Notes from the Splunk S1 IPO Filing

Splunk, a distributed machine data indexing and monitoring application for IT departments, just filed their S-1 IPO paperwork to go public. The IPO process is fascinating, especially the detail with which companies explain their last three years in the S-1 filing. S-1 filings are some of the most detailed, factual information you can read about startups that have achieved strong economies of scale.

For Splunk’s business model, you can think of it as traditional enterprise middleware software for storing, searching, and monitoring all the log files generated by applications. Software applications, especially web-apps in the cloud, are increasingly distributed across multiple servers making log file analysis very difficult. Splunk solves this problem and many others. It’s a Paul Graham Schlep Blindness business.

Here are notes from Splunk’s S-1 IPO filing:

  • 3,300 customers as of October 31, 2011 (pg 2)
  • Revenues (pg 2)
    2009 – $18.2M
    2010 – $35.0M
    2011 – $66.2M
  • Key Benefits (pg 4)
    Real-time operational intelligence and visibility
    Compelling return on investment and lower total cost of ownership
    Fast time to value
    Ease of use
    Highly scalable and flexible data engine
    Open, extensible platform
  • Growth Strategy (p4)
    R&D investment
    Sales investment
    Up-sell existing customers
    Build related products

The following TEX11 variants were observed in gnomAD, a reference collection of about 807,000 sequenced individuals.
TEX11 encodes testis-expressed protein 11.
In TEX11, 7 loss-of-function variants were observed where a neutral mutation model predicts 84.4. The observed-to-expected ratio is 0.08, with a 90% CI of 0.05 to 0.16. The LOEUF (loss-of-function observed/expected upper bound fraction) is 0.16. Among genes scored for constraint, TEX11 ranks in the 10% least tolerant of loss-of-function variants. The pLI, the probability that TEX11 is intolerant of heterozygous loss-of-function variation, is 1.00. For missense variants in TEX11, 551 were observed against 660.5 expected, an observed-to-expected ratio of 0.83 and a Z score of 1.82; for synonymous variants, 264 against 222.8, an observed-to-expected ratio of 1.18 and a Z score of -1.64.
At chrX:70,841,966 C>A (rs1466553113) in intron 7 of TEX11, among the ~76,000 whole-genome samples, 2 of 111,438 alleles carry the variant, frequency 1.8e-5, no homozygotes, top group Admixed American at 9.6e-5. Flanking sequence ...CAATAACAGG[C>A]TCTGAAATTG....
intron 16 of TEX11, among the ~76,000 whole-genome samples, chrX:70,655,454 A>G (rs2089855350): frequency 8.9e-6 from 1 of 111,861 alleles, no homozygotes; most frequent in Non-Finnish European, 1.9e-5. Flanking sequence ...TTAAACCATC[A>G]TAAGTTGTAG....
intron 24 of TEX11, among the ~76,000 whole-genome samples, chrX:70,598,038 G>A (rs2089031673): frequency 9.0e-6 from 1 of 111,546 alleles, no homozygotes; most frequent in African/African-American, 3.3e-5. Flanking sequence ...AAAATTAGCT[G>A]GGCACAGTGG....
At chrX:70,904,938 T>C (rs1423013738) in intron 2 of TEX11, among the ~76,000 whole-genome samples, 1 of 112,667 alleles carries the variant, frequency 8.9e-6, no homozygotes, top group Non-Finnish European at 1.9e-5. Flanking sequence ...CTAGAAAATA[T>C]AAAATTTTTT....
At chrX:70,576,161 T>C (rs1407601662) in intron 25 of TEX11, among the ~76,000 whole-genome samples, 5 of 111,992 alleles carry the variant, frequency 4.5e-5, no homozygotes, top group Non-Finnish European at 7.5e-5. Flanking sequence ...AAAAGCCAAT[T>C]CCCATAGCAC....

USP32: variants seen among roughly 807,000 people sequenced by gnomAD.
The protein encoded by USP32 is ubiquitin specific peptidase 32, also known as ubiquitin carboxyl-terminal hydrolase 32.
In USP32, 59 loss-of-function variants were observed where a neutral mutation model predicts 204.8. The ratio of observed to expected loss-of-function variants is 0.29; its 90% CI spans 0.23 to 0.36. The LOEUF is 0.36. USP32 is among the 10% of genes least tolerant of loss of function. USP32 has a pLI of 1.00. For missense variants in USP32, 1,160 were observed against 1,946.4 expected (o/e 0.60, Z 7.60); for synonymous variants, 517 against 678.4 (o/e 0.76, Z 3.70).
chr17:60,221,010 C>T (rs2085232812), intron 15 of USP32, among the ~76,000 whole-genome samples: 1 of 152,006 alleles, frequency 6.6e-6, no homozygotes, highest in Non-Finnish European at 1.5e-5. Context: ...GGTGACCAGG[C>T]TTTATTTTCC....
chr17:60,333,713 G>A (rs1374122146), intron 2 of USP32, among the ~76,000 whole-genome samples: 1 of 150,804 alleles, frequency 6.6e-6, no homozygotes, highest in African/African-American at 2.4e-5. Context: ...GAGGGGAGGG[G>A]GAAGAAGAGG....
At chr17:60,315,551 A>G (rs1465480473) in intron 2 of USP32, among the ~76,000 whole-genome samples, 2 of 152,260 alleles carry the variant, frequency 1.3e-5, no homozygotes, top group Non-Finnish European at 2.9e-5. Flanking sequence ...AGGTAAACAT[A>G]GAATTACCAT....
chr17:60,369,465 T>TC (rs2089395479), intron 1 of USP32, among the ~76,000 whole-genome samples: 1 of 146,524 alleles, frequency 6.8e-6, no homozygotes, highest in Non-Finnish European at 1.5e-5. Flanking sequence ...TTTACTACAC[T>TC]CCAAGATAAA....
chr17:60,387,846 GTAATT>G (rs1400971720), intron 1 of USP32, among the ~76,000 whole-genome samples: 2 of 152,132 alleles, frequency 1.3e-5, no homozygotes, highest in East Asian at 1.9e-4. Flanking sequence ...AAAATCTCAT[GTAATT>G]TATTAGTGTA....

Grow user and developer community
    Become platform for machine data
  • Perpetual license agreements most common (pg 12)
  • More than 70% of revenues recognized each quarter in 2011 were deals sold that same quarter (pg 12)
  • As of October 31, 2011, nearly half the employees have been with the company less than one year (pg 13)
  • Net Losses (pg 14)
    2009 – $14.8M
    2010 – $7.5M
    2011 –  $3.8M
  • Accumulated deficit of $52.7M as of October 31, 2011 (pg 14)
  • 21% of revenues are from outside the United States in 2011 (pg 17)
  • Splunk is a NetSuite and Salesforce.com customer (pg 21)
  • Sales and marketing offices in Hong Kong, Germany, Singapore, and United Kingdom (pg 47)
  • Splunk is a traditional enterprise software vendor and does not have a cloud/SaaS model (pg 47)
  • Professional services represent 6% of revenue (pg 47)
  • 188 orders of $100,000+ in first nine months of fiscal 2012 (pg 50)
  • $3M term loan from Silicon Valley Bank (pg 60)
  • Equity Ownership Stakes (pg 121)
    Venture capital firms owns 71.5%
    Hired CEO owns 8.1%
    Co-founders own 6.0% and 5.7%

Overall there were no surprises and everything was representative of a fast-growing traditional enterprise software company. Traditional enterprise software companies are valued around 2-3x revenues, so I expect Splunk to trade at 4-6x revenues due to the high growth rate.

What else? What are your thoughts on the Splunk S-1 IPO filing?

2 thoughts on “Notes from the Splunk S1 IPO Filing

  1. Great technical insight into the splunk IPO. I have a job offer from them (post IPO filing) and am weighing the pluses and minuses. I still dont know the strike price for the options they are offering. What do you think it might be? I am offered a base of 10k less than what I make today. Do you think its worth it?

  2. Have you taken the job? Interested to hear inside story of SLPUNK.
    Leave me a message if you have time for a chat.

    Kelvin

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